April 25

Vance Drummond (1927–1967) was a New Zealand-born Australian pilot who fought in the Korean and Vietnam Wars. Posted to No. 77 Squadron in Korea, he flew Gloster Meteor jet fighters and earned the US Air Medal for his combat skills. He was shot down in 1951 and imprisoned for almost two years. He was awarded the Air Force Cross in 1965 after leading the Black Diamonds aerobatic team of No. 75 Squadron. Drummond was promoted to acting wing commander in 1965 and posted to South Vietnam on staff duties with the US Air Force. He joined their 19th Tactical Air Support Squadron, operating Cessna Bird Dog aircraft, as a forward air controller in July 1966. That month he earned the Distinguished Flying Cross for his part in rescuing a company of soldiers surrounded by Viet Cong forces. He took command of No. 3 Squadron in February 1967. His Dassault Mirage IIIO crashed into the sea during a training exercise in May; neither Drummond nor the plane was found. (Full article...)

April 26

Kristin Chenoweth, who starred in the film
Kristin Chenoweth, who starred in the film

Into Temptation is an independent drama film written and directed by Patrick Coyle. It tells the story of a prostitute (Kristin Chenoweth, pictured) who confesses to a Catholic priest (Jeremy Sisto) that she plans to kill herself. The priest attempts to find and save her, and in doing so involves himself in the darker side of society. Partially inspired by Coyle's impressions of his father, the film's themes include temptation, sin, good and evil, redemption and celibacy, and the boundaries between counselling and getting personally involved in events. It was filmed and set in Coyle's hometown of Minneapolis, Minnesota, US. Into Temptation was optioned in Hollywood, but talks fell through due to complications from the global recession. It officially premiered on April 26, 2009, at the Newport Beach Film Festival, where Sisto won the "Outstanding Achievement in Acting" award. The film received generally positive reviews. (Full article...)

April 27

After the Deluge is an oil painting by English artist George Frederic Watts. Completed in 1891, it shows a scene from the story of Noah's Flood, in which Noah opens the window of the Ark to see that after 40 days the rain has stopped. The Symbolist painting is a stylised seascape, dominated by a bright sunburst breaking through clouds. With this painting Watts intended to evoke a monotheistic God in the act of creation, without depicting the Creator directly. The unfinished painting was exhibited in Whitechapel in 1886, under the intentionally simplified title of The Sun. The completed version was shown for the first time at the New Gallery in 1891 and was admired by Watts's fellow artists. It influenced many painters who worked in the two decades following. Between 1902 and 1906 the painting was exhibited around the United Kingdom and is now in the collection of the Watts Gallery in Compton, Surrey. (Full article...)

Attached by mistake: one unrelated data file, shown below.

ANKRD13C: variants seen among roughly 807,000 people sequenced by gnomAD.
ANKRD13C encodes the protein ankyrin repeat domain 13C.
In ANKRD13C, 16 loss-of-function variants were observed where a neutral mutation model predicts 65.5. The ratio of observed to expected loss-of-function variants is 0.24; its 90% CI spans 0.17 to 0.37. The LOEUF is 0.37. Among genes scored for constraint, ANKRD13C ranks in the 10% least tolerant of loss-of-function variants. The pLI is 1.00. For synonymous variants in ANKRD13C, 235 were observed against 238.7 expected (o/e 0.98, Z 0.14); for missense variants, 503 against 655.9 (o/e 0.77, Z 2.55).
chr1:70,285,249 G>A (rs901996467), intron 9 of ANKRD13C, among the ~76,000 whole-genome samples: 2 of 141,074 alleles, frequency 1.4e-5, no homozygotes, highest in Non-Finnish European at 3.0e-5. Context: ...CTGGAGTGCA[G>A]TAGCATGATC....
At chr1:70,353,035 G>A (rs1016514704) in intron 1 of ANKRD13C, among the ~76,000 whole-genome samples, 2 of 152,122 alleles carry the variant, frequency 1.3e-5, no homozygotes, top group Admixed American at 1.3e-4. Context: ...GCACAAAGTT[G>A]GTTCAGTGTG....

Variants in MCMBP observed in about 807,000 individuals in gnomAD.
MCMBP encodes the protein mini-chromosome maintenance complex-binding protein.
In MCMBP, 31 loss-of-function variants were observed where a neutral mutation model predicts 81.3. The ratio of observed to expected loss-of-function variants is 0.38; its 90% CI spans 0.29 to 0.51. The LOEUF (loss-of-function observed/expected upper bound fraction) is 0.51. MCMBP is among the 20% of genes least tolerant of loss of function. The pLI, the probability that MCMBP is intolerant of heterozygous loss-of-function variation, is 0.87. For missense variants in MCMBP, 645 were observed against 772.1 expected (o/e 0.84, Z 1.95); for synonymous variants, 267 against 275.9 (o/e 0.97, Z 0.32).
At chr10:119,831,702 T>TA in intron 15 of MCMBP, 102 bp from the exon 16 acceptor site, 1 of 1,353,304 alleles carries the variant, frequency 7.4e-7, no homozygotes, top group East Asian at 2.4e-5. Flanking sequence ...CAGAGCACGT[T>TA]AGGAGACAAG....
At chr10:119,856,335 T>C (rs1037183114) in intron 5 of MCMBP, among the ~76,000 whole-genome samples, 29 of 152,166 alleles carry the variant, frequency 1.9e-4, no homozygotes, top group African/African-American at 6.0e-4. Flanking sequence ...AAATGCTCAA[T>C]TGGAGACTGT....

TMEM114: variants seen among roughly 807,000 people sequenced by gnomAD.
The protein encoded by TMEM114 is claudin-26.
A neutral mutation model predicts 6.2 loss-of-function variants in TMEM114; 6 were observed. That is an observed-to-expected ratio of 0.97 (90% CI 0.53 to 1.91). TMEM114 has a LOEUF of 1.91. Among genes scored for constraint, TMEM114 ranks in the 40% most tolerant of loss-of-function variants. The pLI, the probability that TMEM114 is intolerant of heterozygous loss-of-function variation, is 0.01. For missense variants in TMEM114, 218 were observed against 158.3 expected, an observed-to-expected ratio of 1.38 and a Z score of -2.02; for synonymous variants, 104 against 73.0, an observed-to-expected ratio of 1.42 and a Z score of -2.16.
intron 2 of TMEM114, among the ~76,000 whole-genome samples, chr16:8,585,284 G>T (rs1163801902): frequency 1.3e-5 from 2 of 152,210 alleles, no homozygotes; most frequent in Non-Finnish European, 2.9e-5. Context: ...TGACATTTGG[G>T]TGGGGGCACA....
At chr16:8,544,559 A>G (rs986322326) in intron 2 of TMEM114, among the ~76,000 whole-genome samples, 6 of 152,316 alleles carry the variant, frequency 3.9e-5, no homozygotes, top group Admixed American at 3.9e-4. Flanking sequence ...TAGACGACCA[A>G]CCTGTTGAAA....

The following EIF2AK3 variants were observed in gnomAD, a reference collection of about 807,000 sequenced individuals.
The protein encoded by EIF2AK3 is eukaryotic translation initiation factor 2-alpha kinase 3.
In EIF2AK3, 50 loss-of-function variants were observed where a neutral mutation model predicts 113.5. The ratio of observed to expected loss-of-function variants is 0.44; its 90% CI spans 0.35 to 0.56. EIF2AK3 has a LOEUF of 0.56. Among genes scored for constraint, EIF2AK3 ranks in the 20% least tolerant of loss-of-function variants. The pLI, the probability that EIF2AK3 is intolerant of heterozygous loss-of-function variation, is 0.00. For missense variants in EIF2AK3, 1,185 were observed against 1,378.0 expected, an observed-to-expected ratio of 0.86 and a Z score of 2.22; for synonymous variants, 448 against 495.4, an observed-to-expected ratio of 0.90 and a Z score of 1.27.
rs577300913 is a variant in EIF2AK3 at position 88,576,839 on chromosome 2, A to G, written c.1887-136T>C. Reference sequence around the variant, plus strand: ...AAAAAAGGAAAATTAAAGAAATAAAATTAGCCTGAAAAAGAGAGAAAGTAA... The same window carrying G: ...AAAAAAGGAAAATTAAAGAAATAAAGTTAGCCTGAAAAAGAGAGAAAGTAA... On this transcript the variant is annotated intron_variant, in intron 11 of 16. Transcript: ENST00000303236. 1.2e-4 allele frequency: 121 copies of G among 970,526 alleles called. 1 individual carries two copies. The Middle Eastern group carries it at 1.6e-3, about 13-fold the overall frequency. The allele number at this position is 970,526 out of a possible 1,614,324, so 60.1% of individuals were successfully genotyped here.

April 28


"Cross Road Blues" is a song written by the American blues artist Robert Johnson. He sang it as a solo piece with acoustic slide guitar in the Delta blues style. The lyrics describe Johnson's grief at being unable to catch a ride at an intersection before the sun sets; some have attached a supernatural significance to the song. One of Johnson's two recorded performances was released in 1937 as a single, heard mainly in the Mississippi Delta area. The second, which reached a wider audience, was included on King of the Delta Blues Singers, a compilation album of some of Johnson's songs released in 1961 during the American folk music revival. In 1954 and 1960 or 1961 Elmore James recorded versions of the song. In the late 1960s, guitarist Eric Clapton and his bandmates in the British rock group Cream popularized it as "Crossroads"; their blues rock interpretation became one of their best-known songs, inspiring many cover versions. (Full article...)

April 29

1887 illustration
1887 illustration

The battle of Grand Gulf was fought on April 29, 1863, during the American Civil War. Union Army forces commanded by Ulysses S. Grant had failed several times to bypass or capture the Confederate-held city of Vicksburg, Mississippi. Grant decided to move his army south of Vicksburg, cross the Mississippi River, and then advance on the city. A Confederate division under John S. Bowen prepared defenses—Forts Wade and Cobun—at Grand Gulf, Mississippi. To clear the way for a Union crossing, seven ironclad warships from the Mississippi Squadron of the Union Navy commanded by Admiral David Dixon Porter bombarded the Confederate defenses at Grand Gulf. Union fire silenced Fort Wade, but the overall Confederate position held. Grant decided to cross the river elsewhere. The next day, Union forces crossed the river at Bruinsburg, Mississippi, forcing the abandonment of the position at Grand Gulf, which became a Union supply point. The Grand Gulf battlefield is preserved in Grand Gulf Military State Park. (Full article...)

April 30

The Inaccessible Island rail (Atlantisia rogersi) is a bird found only on Inaccessible Island in the South Atlantic Tristan Archipelago. This rail, the smallest extant flightless bird, was described by physician Percy Lowe in 1923. The adult has brown plumage, a black bill, black feet, and red eyes. It occupies most habitats on the island, from the beaches to the central plateau, feeding on a variety of small invertebrates and some plant matter. Pairs are territorial and monogamous; both parents incubate the eggs and raise the chicks. The rail's adaptations to living on a tiny island at high densities include low base metabolic rates, small clutch sizes, and flightlessness. Unlike many other oceanic islands, Inaccessible Island has remained free from introduced predators, allowing this species to flourish while many other flightless rails have gone extinct. The species is nevertheless considered vulnerable, due to the danger of a single catastrophe wiping out the small, isolated population. (Full article...)